Minimum & Maximum Dates in code

When updating Sql columns that need a minimum or maximum date, consider using the defaults from the System.Data.SqlType namespace:

   1:  DateTime minDate = SqlDateTime.MinValue.Value

<pre><span class="lnum">   2:  </span>&#160;</pre>

<pre class="alt"><span class="lnum">   3:  </span><span class="rem">// and</span></pre>

<pre><span class="lnum">   4:  </span>&#160;</pre>

<pre class="alt"><span class="lnum">   5:  </span>DateTime maxDate = SqlDateTime.MaxValue.Value</pre>

This can be a lot safer than putting hard-coded "magic date" constants in your code.

2 Comments

  • This is new to me. What is the difference/benefit of this versus DateTime.MinValue and DateTime.MaxValue?

    Thanks

  • DateTime.MinValue represents a range from 01/01/0001 to 12/31/9999, which is outside of the range 01/01/1753 to 12/31/9999 supported by Sql Server. So, if you try to insert/update a column value to DateTime.MinValue you will get an overflow error.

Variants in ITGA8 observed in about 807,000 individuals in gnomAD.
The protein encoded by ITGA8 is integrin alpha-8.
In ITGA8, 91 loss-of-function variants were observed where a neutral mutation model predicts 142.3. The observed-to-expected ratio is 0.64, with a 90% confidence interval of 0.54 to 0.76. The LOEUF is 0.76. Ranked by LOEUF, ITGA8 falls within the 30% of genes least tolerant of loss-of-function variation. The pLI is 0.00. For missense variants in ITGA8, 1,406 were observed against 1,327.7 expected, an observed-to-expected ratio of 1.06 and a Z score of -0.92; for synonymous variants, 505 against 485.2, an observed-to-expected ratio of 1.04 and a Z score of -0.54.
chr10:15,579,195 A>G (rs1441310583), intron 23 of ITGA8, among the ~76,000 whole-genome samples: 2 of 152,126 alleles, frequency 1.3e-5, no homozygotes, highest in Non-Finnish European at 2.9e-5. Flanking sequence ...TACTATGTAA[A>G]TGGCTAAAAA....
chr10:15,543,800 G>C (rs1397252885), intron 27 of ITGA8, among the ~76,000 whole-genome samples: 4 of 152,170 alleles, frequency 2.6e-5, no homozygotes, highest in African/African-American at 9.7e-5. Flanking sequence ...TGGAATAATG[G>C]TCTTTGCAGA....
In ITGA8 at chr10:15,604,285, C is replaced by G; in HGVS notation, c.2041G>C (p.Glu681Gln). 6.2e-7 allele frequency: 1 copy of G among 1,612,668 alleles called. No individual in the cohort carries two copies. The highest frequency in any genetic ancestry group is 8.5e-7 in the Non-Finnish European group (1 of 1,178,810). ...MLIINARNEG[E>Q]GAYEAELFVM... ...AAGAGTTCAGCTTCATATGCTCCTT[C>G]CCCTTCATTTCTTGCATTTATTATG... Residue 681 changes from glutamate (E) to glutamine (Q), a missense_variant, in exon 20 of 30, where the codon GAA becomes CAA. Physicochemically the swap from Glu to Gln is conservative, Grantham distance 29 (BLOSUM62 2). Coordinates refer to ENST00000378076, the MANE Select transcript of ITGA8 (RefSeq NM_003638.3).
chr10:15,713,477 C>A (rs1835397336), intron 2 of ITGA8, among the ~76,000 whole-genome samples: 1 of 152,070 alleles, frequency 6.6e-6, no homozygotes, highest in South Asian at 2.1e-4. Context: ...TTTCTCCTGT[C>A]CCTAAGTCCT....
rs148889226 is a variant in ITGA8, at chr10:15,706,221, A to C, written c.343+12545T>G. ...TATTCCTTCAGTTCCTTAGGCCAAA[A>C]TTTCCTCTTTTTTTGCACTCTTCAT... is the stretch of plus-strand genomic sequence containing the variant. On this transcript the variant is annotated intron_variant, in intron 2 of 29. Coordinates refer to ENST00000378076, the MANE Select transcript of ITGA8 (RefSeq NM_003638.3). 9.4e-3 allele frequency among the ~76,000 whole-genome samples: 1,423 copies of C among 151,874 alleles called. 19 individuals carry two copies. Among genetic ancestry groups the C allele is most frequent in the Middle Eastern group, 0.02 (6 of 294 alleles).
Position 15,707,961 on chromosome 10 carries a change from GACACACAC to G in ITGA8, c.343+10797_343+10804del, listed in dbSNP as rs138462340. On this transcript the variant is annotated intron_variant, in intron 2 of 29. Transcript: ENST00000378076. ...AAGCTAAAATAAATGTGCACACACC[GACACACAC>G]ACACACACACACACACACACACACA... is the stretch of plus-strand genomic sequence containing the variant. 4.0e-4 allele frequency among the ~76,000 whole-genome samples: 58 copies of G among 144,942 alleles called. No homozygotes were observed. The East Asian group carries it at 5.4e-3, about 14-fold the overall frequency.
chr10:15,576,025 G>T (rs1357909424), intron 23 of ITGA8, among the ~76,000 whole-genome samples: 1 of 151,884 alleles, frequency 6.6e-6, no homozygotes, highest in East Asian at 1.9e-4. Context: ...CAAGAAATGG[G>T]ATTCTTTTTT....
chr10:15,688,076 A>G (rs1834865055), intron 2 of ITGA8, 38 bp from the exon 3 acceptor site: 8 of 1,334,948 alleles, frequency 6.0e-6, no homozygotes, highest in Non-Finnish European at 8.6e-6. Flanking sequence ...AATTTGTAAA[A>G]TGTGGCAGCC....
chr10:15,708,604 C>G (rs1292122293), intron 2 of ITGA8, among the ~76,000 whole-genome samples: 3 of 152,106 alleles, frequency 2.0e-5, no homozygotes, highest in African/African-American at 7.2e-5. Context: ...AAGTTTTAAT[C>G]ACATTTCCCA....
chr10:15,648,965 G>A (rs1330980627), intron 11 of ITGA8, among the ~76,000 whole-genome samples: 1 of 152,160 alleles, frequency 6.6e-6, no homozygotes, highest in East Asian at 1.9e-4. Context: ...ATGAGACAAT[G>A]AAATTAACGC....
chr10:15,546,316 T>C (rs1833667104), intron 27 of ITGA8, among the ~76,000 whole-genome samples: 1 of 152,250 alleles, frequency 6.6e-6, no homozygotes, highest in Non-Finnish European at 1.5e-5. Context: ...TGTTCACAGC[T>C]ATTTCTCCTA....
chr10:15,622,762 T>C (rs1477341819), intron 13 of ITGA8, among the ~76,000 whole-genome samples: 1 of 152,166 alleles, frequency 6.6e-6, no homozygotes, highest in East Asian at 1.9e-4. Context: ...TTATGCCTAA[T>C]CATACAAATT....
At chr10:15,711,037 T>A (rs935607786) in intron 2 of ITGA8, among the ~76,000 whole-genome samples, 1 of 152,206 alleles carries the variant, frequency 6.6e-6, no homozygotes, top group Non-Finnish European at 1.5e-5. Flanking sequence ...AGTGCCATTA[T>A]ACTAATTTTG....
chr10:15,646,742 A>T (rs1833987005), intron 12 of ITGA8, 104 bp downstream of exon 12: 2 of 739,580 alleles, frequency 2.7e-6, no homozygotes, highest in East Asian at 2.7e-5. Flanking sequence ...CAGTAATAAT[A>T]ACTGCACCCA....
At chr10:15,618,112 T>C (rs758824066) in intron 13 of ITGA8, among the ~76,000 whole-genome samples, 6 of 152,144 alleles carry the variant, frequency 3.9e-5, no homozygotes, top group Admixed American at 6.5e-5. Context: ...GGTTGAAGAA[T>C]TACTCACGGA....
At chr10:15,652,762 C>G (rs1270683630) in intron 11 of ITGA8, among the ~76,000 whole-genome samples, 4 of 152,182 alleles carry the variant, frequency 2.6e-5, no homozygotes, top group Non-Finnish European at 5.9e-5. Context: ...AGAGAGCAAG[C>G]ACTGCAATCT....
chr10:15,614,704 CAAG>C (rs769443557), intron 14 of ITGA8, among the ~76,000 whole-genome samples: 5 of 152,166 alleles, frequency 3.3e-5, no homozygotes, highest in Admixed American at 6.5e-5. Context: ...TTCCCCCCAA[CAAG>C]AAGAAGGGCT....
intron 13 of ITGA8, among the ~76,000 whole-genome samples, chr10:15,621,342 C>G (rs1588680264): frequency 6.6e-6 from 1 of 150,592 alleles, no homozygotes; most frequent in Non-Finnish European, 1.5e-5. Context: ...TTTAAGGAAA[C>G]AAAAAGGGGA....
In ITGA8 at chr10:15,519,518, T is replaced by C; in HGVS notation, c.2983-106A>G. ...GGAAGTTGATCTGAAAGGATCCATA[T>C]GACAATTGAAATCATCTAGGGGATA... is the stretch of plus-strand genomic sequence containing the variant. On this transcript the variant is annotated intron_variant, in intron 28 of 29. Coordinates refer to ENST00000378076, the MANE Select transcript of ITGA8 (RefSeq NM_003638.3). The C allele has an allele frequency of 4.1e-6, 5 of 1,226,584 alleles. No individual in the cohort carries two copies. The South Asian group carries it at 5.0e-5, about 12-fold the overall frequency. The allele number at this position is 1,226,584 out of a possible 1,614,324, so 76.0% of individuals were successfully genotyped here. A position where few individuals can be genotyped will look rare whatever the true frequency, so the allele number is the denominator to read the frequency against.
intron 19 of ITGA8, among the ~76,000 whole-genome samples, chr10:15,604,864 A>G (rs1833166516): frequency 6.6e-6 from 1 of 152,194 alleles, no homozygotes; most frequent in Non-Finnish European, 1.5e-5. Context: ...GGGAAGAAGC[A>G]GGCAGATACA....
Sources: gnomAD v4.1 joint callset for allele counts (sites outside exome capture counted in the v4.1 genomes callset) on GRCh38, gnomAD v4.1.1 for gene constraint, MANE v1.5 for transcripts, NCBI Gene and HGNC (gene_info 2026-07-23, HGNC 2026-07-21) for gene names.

The nice thing about using default ranges & values provided by the System.Data.SqlType namespace is that if Microsoft decides to change these ranges in Sql Server later, they will likely update the corresponding SqlTypes within the framework.

    Of course, if you are using data access code that works against multiple database engines (e.g. Oracle, DB2, MySql), you may want to create a facade for such defaults so you can switch the default values to something other than SqlDateTime.MinValue & MaxValue.

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